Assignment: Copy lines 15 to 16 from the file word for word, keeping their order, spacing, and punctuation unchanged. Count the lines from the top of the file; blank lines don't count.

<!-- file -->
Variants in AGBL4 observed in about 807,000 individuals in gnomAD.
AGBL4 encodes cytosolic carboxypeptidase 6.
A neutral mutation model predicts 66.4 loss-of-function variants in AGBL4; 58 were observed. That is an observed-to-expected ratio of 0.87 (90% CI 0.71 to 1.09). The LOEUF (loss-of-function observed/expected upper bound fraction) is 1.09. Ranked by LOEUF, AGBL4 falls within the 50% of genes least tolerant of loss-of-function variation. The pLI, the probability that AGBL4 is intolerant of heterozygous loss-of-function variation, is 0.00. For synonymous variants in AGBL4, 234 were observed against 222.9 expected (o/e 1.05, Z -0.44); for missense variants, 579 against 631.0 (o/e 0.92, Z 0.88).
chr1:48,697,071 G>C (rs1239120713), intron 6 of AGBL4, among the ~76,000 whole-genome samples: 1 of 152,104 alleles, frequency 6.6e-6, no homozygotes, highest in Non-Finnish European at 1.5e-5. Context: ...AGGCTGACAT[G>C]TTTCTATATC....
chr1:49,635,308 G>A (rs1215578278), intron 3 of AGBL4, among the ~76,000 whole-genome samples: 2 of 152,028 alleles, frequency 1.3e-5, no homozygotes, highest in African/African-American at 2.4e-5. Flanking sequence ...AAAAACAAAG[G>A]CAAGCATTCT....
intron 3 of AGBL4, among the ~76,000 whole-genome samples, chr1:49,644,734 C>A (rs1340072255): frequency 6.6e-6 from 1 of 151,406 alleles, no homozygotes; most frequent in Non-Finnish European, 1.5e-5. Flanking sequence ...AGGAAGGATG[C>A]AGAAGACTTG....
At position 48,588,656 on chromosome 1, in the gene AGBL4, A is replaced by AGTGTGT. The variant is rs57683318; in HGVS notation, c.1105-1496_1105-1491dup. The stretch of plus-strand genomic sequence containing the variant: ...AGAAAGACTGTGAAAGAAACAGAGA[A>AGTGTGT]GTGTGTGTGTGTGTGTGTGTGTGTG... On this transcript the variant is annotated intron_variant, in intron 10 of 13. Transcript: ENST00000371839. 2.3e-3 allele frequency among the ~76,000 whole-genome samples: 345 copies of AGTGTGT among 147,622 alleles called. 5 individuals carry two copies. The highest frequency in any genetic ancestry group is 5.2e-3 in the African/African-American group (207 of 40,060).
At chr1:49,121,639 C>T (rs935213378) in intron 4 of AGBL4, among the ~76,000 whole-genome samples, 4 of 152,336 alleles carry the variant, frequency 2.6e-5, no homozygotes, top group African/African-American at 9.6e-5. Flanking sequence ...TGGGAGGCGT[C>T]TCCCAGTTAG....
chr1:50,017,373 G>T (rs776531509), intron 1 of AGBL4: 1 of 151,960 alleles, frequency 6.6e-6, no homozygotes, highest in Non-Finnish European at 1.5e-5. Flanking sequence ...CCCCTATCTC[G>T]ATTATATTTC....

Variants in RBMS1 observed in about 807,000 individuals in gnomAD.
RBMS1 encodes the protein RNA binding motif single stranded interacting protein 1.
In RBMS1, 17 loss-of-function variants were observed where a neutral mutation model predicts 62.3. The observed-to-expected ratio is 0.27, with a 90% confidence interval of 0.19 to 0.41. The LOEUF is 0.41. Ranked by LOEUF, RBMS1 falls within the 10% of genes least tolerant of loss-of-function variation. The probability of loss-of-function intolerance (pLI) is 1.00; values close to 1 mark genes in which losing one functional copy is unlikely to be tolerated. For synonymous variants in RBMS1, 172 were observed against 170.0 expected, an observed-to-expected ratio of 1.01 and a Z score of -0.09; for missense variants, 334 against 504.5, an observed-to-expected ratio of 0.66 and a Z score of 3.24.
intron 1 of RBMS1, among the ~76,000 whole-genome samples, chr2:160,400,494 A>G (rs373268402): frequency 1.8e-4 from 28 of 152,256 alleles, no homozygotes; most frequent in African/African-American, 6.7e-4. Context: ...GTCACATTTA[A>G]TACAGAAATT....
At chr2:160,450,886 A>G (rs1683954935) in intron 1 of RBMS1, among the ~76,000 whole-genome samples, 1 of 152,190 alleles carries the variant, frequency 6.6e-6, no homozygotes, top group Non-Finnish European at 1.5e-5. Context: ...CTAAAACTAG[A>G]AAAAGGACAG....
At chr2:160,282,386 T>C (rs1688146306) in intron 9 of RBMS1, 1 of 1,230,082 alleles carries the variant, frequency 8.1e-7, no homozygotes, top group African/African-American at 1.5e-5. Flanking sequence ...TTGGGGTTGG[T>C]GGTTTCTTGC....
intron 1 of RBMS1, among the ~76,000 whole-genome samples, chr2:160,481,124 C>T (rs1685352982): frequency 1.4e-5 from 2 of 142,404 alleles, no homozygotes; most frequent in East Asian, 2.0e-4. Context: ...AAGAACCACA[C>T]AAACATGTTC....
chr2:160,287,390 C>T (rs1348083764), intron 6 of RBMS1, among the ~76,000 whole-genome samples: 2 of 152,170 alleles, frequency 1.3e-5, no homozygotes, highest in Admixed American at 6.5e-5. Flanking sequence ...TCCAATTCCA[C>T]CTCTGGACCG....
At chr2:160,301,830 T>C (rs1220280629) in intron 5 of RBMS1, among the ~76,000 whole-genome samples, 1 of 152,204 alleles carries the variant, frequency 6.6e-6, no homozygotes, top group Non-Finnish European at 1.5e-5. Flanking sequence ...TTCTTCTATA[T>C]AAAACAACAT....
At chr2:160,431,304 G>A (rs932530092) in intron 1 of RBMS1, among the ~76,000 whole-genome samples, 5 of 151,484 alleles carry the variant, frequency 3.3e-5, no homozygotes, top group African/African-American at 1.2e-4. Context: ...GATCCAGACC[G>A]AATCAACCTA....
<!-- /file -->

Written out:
At chr2:160,282,386 T>C (rs1688146306) in intron 9 of RBMS1, 1 of 1,230,082 alleles carries the variant, frequency 8.1e-7, no homozygotes, top group African/African-American at 1.5e-5. Flanking sequence ...TTGGGGTTGG[T>C]GGTTTCTTGC....
intron 1 of RBMS1, among the ~76,000 whole-genome samples, chr2:160,481,124 C>T (rs1685352982): frequency 1.4e-5 from 2 of 142,404 alleles, no homozygotes; most frequent in East Asian, 2.0e-4. Context: ...AAGAACCACA[C>T]AAACATGTTC....